How to escape the cooking routine of the same old dishes, meal after meal.
Many home cooks are stuck in a food routine that includes preparing the same 10 or 15 recipes over and over again, week after month after year.
2500 Recipes, the ideal guide to escaping that routine, offers 50 recipes each for foods ranging from snacks and sandwiches, to chicken and ground meat; from shellfish to grains; from winter vegetables to summer fruit. There's also a special section of dishes for special occasions.
Consider this common scenario. There is a chicken waiting to be roasted for dinner. Stop. Go the chapter that has 50 recipes for roast chicken. Each one is different. Most important, there are sure to be a few that are more interesting than that old reliable one prepared out of habit too often a bad habit. Without doubt, there will be dozens of recipes based on ingredients commonly on hand to please cook, family and guests. There's even a chapter with 50 scrumptious recipes for burgers and hot dogs. Each one is sure to delight.
All the recipes are quick, and most use just a small number of ingredients. But each recipe includes a "power flavor" that's easy to obtain and easy to incorporate into cooking routines. Examples include oils, herbs, olives and sun-dried tomatoes.
There is also an entire section on basic cooking techniques and preparations, featuring seasonings, marinades, sauces, dressings and machines.
|Publisher:||Rose, Robert Incorporated|
|Product dimensions:||7.75(w) x 10.50(h) x 1.50(d)|
About the Author
Andrew Schloss is a well-known teacher, writer and food industry consultant. The author of 10 cookbooks and countless food articles, he is a past president of the International Association of Culinary Professionals.
Ken Bookman is a writer and editor as well as the former food editor of the Philadelphia Inquirer. He is also the co-author of six cookbooks.
Table of Contents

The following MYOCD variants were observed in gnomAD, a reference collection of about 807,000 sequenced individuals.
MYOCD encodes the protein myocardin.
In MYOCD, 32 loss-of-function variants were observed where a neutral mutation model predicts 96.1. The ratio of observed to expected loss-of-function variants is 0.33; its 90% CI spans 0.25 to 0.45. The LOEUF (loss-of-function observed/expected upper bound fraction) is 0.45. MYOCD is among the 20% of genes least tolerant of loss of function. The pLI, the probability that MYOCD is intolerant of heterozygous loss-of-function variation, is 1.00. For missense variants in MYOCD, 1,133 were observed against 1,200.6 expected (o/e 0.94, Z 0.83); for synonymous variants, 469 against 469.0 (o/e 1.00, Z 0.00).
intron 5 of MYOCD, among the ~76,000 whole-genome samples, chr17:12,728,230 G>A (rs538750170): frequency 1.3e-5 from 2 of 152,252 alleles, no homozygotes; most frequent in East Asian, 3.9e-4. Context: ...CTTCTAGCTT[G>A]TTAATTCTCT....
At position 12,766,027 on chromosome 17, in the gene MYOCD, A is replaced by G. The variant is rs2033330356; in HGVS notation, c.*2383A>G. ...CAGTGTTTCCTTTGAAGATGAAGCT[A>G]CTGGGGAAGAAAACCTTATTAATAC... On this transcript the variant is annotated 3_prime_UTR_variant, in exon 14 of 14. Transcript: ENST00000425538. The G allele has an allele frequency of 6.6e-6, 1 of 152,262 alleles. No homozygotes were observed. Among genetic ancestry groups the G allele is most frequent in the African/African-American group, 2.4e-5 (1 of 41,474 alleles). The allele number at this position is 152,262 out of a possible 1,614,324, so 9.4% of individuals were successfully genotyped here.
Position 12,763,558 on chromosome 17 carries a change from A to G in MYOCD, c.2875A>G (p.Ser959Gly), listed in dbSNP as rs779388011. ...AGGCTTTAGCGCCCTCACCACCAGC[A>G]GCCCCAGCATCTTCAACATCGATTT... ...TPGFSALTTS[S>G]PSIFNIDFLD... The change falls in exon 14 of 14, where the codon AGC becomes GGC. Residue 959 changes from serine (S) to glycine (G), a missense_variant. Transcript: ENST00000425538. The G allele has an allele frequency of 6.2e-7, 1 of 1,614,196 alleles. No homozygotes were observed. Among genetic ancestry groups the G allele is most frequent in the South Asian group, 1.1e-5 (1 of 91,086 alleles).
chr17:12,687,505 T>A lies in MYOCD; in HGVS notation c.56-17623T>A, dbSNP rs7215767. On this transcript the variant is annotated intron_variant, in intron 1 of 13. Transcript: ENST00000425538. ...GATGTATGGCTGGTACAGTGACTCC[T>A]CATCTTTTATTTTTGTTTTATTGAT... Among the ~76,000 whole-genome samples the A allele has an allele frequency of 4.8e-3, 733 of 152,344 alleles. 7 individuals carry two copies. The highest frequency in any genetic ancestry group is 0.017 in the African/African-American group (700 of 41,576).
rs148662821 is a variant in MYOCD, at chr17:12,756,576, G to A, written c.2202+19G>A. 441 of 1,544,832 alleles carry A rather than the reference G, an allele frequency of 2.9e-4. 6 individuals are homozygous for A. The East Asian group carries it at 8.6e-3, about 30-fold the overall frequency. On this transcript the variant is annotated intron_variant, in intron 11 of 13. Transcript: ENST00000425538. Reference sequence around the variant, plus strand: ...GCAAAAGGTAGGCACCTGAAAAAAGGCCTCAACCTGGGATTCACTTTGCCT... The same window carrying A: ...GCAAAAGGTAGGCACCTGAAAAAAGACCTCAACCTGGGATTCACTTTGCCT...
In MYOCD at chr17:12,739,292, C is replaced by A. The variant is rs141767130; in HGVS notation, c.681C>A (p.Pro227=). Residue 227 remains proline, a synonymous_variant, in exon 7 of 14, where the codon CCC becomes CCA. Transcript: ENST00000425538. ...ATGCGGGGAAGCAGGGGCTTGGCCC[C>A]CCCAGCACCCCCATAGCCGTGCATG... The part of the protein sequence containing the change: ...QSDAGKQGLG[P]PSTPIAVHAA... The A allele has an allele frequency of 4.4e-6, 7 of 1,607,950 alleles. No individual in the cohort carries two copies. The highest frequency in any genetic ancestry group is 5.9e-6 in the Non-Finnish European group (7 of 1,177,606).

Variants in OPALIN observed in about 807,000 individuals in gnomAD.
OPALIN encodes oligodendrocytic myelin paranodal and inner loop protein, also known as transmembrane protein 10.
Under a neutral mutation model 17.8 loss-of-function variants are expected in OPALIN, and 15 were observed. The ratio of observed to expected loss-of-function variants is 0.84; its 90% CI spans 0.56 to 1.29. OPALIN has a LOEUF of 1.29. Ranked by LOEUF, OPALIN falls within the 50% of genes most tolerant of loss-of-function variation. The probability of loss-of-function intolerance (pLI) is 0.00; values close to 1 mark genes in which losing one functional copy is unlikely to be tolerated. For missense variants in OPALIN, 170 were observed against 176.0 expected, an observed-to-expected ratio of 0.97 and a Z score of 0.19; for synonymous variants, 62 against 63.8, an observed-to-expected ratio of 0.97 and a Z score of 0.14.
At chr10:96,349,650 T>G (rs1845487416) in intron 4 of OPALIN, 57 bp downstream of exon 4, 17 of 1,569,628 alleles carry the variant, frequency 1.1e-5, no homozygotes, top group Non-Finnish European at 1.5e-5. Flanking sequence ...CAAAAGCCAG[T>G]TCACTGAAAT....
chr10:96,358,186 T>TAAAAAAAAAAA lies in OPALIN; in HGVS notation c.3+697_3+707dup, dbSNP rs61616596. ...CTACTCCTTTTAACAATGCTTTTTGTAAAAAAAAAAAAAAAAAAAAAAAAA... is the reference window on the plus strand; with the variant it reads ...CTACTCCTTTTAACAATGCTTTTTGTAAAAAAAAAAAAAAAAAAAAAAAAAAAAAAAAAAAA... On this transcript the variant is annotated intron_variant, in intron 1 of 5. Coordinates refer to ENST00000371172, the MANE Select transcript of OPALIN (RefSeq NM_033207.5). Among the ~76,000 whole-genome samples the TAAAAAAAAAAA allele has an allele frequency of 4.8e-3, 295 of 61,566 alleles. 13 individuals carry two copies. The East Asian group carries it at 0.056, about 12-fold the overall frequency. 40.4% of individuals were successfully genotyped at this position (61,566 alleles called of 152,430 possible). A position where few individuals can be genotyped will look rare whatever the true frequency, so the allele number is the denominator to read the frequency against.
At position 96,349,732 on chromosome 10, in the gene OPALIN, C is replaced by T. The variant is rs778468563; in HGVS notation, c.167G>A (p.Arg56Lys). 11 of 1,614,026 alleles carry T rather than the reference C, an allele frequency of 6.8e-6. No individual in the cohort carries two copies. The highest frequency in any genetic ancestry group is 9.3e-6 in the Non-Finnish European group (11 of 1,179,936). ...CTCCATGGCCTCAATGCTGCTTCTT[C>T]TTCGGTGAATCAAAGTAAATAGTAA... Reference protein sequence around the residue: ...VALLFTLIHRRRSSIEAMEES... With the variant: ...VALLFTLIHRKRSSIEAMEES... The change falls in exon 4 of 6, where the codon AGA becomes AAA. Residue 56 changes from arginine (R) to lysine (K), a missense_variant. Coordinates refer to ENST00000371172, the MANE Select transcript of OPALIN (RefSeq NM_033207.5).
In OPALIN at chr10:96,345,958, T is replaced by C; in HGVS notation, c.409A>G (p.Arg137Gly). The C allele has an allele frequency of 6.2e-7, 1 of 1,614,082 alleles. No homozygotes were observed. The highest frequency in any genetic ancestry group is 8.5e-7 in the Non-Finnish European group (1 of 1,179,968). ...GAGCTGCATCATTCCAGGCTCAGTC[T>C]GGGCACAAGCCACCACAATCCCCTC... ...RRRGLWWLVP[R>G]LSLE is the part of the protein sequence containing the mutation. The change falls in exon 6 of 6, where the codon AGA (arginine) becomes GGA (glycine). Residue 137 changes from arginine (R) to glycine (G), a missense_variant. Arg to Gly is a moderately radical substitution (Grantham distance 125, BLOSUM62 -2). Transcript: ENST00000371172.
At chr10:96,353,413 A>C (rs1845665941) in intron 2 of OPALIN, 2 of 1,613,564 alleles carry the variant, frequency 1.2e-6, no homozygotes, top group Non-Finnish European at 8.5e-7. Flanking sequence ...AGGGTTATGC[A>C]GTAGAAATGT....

Introduction About These RecipesPart 1: The Toolbox
Basic Techniques for Cooking Anything Basic Preparations Every Cook Should KnowPart 2: Cooking Basics
- Marinades: Infinite Variations on Basic Ingredients
- Seasoning: Because Flavoring Is Easy
- Sauces: To Turn Anything into a Meal
- Dressings: to Help You Kick the Bottle
- Machines That Make Cooking Easier
- Snacks and Little Plates: To Help Spoil
Dinner (or Any Meal)
- Sandwiches: The Ultimate One-Dish Meal
- Kid Food: Taste-Tested by Discriminating Third-Graders
- Leftovers: Homemade Convenience Ingredients
- Cooking on a Budget: Good Food Doesn't Have to Cost a Lot
- Burgers and Dogs: For the Whole Family
- Grilling: For the Flavor of Fire
- Frying-Pan Cuisine: For Dinner Right Now
- Stir-Frying: Quick, Healthful and Infinitely Variable
- Heatless Cooking: When
It's Too Hot to Turn on the Stove
- Salads: For Any Meal
- Soups: For Starters, Suppers, and Snacks
- Chili: Easy, Filling and Sophisticated
- Pizza: No Need to Order Out
- Pasta: It's All in the Sauce
- Casseroles: Comfort Food at Its Best
- Ground Meat: The Old Standby Reinvigorated
- Stews: Chase Away the Chill
- Roast Chickens: The Whole Bird
- Chicken Parts:
White and Dark Meats Cooked to Perfection
- Turkey: The Other Bird